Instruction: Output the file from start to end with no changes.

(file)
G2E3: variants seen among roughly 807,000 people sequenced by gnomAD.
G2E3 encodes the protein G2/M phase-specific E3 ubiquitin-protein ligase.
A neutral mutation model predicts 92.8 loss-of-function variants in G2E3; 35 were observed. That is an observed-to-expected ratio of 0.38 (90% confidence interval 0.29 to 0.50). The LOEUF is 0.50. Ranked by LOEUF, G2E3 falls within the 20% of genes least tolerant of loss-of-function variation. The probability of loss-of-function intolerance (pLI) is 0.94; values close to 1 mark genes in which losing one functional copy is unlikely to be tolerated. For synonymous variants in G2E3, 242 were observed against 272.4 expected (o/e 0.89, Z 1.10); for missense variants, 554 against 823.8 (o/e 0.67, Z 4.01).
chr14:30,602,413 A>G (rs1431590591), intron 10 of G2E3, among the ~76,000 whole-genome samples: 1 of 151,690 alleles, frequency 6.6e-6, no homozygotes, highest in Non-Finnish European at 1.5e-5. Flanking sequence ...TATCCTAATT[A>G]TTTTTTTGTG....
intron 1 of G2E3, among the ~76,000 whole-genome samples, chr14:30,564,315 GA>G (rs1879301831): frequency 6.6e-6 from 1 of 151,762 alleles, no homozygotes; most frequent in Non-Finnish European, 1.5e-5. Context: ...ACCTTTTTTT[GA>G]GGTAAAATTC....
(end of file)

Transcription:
G2E3: variants seen among roughly 807,000 people sequenced by gnomAD.
G2E3 encodes the protein G2/M phase-specific E3 ubiquitin-protein ligase.
A neutral mutation model predicts 92.8 loss-of-function variants in G2E3; 35 were observed. That is an observed-to-expected ratio of 0.38 (90% confidence interval 0.29 to 0.50). The LOEUF is 0.50. Ranked by LOEUF, G2E3 falls within the 20% of genes least tolerant of loss-of-function variation. The probability of loss-of-function intolerance (pLI) is 0.94; values close to 1 mark genes in which losing one functional copy is unlikely to be tolerated. For synonymous variants in G2E3, 242 were observed against 272.4 expected (o/e 0.89, Z 1.10); for missense variants, 554 against 823.8 (o/e 0.67, Z 4.01).
chr14:30,602,413 A>G (rs1431590591), intron 10 of G2E3, among the ~76,000 whole-genome samples: 1 of 151,690 alleles, frequency 6.6e-6, no homozygotes, highest in Non-Finnish European at 1.5e-5. Flanking sequence ...TATCCTAATT[A>G]TTTTTTTGTG....
intron 1 of G2E3, among the ~76,000 whole-genome samples, chr14:30,564,315 GA>G (rs1879301831): frequency 6.6e-6 from 1 of 151,762 alleles, no homozygotes; most frequent in Non-Finnish European, 1.5e-5. Context: ...ACCTTTTTTT[GA>G]GGTAAAATTC....